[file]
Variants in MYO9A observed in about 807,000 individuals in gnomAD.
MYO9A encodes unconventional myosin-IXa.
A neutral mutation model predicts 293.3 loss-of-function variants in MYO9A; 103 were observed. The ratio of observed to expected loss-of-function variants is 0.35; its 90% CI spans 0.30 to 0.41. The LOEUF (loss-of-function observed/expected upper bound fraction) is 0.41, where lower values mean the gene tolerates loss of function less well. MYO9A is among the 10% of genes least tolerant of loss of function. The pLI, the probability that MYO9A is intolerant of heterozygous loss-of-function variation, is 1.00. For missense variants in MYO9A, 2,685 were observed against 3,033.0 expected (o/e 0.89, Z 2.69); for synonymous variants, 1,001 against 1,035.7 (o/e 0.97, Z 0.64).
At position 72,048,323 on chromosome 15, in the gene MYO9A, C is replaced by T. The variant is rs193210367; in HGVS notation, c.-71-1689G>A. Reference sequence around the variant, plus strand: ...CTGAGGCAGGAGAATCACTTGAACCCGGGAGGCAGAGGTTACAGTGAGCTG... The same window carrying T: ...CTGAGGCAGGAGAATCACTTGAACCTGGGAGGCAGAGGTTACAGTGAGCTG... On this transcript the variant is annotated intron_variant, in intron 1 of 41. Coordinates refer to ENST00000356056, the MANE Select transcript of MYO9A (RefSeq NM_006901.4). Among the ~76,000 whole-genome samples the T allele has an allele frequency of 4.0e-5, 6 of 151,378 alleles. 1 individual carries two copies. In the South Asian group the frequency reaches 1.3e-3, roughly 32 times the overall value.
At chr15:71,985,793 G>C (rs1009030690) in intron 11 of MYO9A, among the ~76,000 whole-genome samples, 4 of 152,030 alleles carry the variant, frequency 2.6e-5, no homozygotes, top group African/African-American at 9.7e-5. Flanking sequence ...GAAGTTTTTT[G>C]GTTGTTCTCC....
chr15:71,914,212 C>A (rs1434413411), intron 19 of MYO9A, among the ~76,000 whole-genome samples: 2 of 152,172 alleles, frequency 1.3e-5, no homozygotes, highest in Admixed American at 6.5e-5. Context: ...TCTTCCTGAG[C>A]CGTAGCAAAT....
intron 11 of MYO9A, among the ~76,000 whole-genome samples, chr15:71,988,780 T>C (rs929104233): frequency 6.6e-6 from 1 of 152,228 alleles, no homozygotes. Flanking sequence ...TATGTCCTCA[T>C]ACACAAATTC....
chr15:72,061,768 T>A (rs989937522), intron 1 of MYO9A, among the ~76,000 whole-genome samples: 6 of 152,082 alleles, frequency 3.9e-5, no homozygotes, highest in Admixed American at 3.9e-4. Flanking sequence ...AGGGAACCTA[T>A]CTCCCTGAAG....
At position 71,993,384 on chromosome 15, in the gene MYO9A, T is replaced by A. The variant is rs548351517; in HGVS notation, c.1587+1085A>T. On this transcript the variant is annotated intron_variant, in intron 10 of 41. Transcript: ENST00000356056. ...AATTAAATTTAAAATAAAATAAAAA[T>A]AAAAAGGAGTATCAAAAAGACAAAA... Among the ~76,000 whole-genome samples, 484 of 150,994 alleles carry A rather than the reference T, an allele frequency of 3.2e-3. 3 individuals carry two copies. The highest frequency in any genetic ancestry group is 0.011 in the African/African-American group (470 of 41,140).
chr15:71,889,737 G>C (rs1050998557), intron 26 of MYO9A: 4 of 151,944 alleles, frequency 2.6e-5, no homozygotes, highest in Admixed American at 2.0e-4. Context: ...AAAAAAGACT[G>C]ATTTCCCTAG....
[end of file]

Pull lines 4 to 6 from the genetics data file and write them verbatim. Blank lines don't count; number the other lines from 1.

At position 72,048,323 on chromosome 15, in the gene MYO9A, C is replaced by T. The variant is rs193210367; in HGVS notation, c.-71-1689G>A. Reference sequence around the variant, plus strand: ...CTGAGGCAGGAGAATCACTTGAACCCGGGAGGCAGAGGTTACAGTGAGCTG... The same window carrying T: ...CTGAGGCAGGAGAATCACTTGAACCTGGGAGGCAGAGGTTACAGTGAGCTG... On this transcript the variant is annotated intron_variant, in intron 1 of 41. Coordinates refer to ENST00000356056, the MANE Select transcript of MYO9A (RefSeq NM_006901.4). Among the ~76,000 whole-genome samples the T allele has an allele frequency of 4.0e-5, 6 of 151,378 alleles. 1 individual carries two copies. In the South Asian group the frequency reaches 1.3e-3, roughly 32 times the overall value.
At chr15:71,985,793 G>C (rs1009030690) in intron 11 of MYO9A, among the ~76,000 whole-genome samples, 4 of 152,030 alleles carry the variant, frequency 2.6e-5, no homozygotes, top group African/African-American at 9.7e-5. Flanking sequence ...GAAGTTTTTT[G>C]GTTGTTCTCC....
chr15:71,914,212 C>A (rs1434413411), intron 19 of MYO9A, among the ~76,000 whole-genome samples: 2 of 152,172 alleles, frequency 1.3e-5, no homozygotes, highest in Admixed American at 6.5e-5. Context: ...TCTTCCTGAG[C>A]CGTAGCAAAT....